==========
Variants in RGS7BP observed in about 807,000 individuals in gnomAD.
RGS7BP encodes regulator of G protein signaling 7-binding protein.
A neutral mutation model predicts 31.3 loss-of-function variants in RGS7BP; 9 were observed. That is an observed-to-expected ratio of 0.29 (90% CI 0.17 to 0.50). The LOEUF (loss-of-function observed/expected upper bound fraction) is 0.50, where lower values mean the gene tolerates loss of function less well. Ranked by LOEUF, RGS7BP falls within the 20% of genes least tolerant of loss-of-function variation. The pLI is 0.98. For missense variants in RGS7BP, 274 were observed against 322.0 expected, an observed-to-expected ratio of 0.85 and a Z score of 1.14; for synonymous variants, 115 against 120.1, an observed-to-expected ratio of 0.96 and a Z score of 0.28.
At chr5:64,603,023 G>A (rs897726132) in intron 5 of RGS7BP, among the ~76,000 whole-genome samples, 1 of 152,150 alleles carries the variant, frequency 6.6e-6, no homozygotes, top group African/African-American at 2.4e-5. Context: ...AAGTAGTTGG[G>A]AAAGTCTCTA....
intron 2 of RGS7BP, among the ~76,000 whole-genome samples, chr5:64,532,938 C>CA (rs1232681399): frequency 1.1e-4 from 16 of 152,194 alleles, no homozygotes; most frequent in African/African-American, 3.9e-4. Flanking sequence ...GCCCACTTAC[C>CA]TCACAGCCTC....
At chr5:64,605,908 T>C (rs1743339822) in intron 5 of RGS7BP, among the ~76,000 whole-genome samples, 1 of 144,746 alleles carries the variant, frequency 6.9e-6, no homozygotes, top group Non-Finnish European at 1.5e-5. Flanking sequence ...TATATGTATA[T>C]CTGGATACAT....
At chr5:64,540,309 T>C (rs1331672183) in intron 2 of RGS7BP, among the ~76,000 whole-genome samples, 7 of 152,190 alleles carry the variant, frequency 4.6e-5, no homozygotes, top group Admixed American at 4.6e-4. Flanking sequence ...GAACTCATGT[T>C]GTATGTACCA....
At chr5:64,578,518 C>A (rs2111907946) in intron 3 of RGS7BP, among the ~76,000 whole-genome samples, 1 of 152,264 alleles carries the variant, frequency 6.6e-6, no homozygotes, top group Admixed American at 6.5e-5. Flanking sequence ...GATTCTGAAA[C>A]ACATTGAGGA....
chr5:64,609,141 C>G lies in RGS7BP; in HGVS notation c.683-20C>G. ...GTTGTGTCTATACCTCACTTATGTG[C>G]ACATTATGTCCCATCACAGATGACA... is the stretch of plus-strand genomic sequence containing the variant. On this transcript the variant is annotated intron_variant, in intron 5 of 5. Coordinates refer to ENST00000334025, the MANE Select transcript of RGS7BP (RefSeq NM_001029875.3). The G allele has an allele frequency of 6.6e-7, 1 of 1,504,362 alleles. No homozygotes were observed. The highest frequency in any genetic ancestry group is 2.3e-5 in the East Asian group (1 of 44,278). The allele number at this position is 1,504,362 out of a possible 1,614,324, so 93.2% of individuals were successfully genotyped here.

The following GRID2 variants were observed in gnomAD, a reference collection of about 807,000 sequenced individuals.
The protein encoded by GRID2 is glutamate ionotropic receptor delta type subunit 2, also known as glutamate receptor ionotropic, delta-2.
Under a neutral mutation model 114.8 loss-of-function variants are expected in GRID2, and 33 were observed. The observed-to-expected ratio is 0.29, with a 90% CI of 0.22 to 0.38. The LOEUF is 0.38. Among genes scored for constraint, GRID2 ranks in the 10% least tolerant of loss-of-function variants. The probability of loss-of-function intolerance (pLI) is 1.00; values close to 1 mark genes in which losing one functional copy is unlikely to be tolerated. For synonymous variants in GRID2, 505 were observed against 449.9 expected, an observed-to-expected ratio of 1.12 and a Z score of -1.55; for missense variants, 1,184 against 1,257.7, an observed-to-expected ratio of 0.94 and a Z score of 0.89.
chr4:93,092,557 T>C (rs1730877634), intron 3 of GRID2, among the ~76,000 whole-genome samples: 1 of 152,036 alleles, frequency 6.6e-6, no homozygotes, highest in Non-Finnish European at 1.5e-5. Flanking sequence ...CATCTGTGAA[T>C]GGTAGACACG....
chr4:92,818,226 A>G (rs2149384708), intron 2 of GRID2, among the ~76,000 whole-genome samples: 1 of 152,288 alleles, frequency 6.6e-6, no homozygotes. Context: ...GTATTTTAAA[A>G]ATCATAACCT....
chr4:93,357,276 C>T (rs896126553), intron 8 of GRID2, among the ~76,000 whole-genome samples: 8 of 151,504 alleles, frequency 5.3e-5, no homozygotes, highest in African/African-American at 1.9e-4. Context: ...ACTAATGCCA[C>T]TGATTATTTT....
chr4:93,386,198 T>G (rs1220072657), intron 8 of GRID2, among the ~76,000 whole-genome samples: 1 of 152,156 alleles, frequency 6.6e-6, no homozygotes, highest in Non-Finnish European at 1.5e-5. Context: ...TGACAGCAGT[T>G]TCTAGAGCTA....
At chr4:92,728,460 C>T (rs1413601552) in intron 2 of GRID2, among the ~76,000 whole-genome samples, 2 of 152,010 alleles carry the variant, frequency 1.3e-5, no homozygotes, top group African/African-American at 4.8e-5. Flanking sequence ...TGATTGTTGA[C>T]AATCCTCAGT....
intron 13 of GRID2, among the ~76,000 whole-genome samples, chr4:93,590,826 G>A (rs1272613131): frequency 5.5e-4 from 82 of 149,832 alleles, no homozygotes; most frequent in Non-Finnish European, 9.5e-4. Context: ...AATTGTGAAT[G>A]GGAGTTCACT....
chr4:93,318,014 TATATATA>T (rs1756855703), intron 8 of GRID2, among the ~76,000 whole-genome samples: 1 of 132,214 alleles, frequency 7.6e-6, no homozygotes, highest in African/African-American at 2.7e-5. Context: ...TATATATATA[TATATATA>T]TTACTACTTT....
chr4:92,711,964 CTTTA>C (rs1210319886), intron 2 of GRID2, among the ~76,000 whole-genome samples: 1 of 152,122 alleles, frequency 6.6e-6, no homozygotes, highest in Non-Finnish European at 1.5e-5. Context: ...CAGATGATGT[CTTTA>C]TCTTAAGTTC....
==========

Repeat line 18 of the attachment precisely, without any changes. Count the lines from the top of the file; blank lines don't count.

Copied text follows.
intron 13 of GRID2, among the ~76,000 whole-genome samples, chr4:93,590,826 G>A (rs1272613131): frequency 5.5e-4 from 82 of 149,832 alleles, no homozygotes; most frequent in Non-Finnish European, 9.5e-4. Context: ...AATTGTGAAT[G>A]GGAGTTCACT....